Back when the world was new, before Gods and Titans assumed their thrones, the earth was a dark and primal place. The Earth and Sky wandered freely in whatever forms they chose, and ruled their domains with iron fists. Titans were born of these two great powers, and exceeded their parents in cruelty and greed. The eldest coveted his father’s power and waged on him a most abominable and unnatural war. When father and son met in battle, the Sky’s blood was shed and rained down upon the Sea. In his pain and anger, the Father of all creation set loose a deafening roar that tore the sky in two, filling every atom of the earth with an unfathomable torrent of immortal rage. The earth shook and the animals cowered in fear, unable to hide from the vicious malevolence that smothered the planet like a shroud.
After this blow was struck, all the wickedness in nature was drawn out into the harsh light by the savagery of its master. Every trace of beauty and tranquility was erased, not only from the face of the earth but from the deepest recesses of its heart. Everywhere was rage and hostility: soft grassy hills became jagged, threatening mountains; babbling books turned to fierce rapids; wispy clouds to thunderstorms.
The world was truly a terrible thing to behold.
Amongst this seething wretchedness stood a witness to the horrors. A lone phantom, watching from the cliffs of Paphos. Black robes snapped in the wind as smoky clouds swirled overhead, blotting the sun from view and casting the scene in a dismal, dirty light. Our phantom watched as the world was plunged into that damnation by the falling of holy blood. He felt the waves of anger and hatred wash through him as they spread across the earth. He shook with the eruption that spurred the sea and sky to violence. He stood watch even as his own heart blackened and withered within him.
Yet a shred of spirit remained, sustained by his belief that a glorious saviour would come to end the tyranny and torment. So powerful was this belief that it bore him up stoically through endless, looping hours of unspeakable suffering. Although unaware that his saviour would in fact come to him, he set his spectral eyes on the ocean below, and waited.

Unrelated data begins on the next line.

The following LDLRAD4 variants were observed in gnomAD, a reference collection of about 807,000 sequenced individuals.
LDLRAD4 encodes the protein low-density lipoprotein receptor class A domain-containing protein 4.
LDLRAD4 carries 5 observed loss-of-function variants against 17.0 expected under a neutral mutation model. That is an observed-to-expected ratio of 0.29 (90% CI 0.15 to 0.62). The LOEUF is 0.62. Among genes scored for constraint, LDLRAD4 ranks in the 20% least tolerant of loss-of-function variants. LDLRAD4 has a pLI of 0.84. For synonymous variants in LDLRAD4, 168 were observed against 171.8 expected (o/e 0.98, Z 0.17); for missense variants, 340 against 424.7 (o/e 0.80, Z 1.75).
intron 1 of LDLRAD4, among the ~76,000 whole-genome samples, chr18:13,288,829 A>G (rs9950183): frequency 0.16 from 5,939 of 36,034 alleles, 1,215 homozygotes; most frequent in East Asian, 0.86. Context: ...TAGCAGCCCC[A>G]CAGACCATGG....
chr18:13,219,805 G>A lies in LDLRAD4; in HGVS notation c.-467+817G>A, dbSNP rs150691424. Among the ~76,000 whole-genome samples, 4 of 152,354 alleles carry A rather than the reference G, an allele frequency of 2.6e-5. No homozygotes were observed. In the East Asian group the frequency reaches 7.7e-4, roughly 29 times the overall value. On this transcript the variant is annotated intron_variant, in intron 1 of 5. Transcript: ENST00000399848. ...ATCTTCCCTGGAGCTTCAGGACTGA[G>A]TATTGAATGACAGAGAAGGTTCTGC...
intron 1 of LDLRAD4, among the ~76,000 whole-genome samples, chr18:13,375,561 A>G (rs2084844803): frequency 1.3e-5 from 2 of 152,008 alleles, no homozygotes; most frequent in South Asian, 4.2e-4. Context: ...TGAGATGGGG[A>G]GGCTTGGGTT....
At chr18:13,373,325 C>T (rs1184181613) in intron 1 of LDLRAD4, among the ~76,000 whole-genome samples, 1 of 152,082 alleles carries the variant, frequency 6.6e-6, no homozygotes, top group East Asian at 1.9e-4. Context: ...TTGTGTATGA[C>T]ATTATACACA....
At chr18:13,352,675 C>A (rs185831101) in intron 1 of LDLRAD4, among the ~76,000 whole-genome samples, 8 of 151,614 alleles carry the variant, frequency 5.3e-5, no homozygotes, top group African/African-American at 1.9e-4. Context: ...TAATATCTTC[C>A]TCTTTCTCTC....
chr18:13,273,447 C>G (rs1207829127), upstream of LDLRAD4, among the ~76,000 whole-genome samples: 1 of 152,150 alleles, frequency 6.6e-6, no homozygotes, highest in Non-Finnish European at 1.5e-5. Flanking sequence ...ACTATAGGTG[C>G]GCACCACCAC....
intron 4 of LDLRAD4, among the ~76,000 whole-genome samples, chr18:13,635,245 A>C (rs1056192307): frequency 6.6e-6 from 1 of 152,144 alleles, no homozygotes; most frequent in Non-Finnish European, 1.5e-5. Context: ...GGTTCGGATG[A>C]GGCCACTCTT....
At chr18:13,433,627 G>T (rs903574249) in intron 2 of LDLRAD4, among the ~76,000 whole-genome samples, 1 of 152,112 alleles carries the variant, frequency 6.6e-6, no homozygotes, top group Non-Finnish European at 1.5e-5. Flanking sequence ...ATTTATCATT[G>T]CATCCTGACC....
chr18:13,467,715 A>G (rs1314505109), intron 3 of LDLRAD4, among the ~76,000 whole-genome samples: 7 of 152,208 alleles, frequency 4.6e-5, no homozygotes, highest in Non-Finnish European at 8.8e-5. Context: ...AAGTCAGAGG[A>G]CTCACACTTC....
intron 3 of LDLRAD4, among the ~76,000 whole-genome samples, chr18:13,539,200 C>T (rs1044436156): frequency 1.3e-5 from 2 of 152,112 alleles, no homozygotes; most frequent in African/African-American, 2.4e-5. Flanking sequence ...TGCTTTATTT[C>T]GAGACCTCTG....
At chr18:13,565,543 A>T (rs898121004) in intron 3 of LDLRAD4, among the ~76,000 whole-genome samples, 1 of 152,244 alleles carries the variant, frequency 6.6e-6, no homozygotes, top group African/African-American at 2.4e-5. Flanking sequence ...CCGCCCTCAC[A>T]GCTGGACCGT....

Off the shores of Paphos the sea rolled and crashed as if devouring itself. Ripples had sprung out from the point at which the blood mingled with the sea, and did not stop until the waves crashed against the cliffs with such force that they threatened to tear down the earth on which the phantom stood. Boulders tumbled into the depths with deafening thunder. The waves, black as the abyss, waged war with the dirty white foam they tossed up. As he looked on, the white ocean-spray overwhelmed its opponent, shedding its murky filth as it grew in volume.
Amongst the tumult of foam and water the phantom could see a solid form growing. It began as a small, brilliant orb, faintly illuminating the grimy darkness that enveloped it. Slowly, but surely, it grew.
The phantom watched on, unmoving, as the misery that surrounded him pressed ever closer and denser and more impenetrable. But this small beacon of light did begin to penetrate the oppressive darkness. Wherever the light touched, the burden of the Father’s fury was lessened until the whole cove of Paphos regained something of its old vitality.
As the shining object rose from the now pearlescent foam, a blue tranquility fell over the scene and every living thing in it.
There, floating upon the gently glittering waves, rested an open shell of the purest silver, bearing, upon its cushion of blushing pink, the most exquisite woman.
From the shore, I felt the power of her divine radiance as she emerged. My phantom spirit was restored and heart mended as the thunder quietened, the waves stilled, and the moon appeared from behind the clouds.
She evoked the gentlest natures from the most riotous of spirits that looked upon her and calmed all the elements of nature itself. So quickly as the terrible thunder of the sky had crushed all that was good out of this earth, so quickly did Her presence bring it all rushing back. Flowers bloomed in the moonlight and birds sang for joy to feel her presence in the world.
With the lightest step that bent the laws of the earth to her most beautiful whims, her pale feet bore themselves softly to the ground before me. And it was there, on the rocks of Paphos overlooking the glistening, moonlit sea, that I first met the goddess Aphrodite.
Her power and purpose emanated from her very being so that I knew at once who she was and who she would become. She was the young goddess who would go on to rule the heavens and earth beside her siblings, using her gifts to better the world over which they would preside. Only by Her influence would humanity be redeemed from its violent and chaotic nature, for she would bear love in all its forms unto the world and be mother to Harmony. Her image would instil peace in the hearts of war-like men and inspire them to noble deeds. In both face and spirit she was already and would forever be the most beautiful amongst gods and mortals.
This great destiny shone out from her very core. Standing before me, clothed in an iridescent gown with flowers woven in her hair and blossoming at her feet, she was the pure embodiment of light and love that was needed to bring balance to the hatred which then ruled the earth.
So awed as I was by her presence, I fell to my knees in the soft grass before her. Her gentle hand touched my shoulder and raised me up as if into a new life.
She said nothing, but took my hand and smiled, and the world was made right.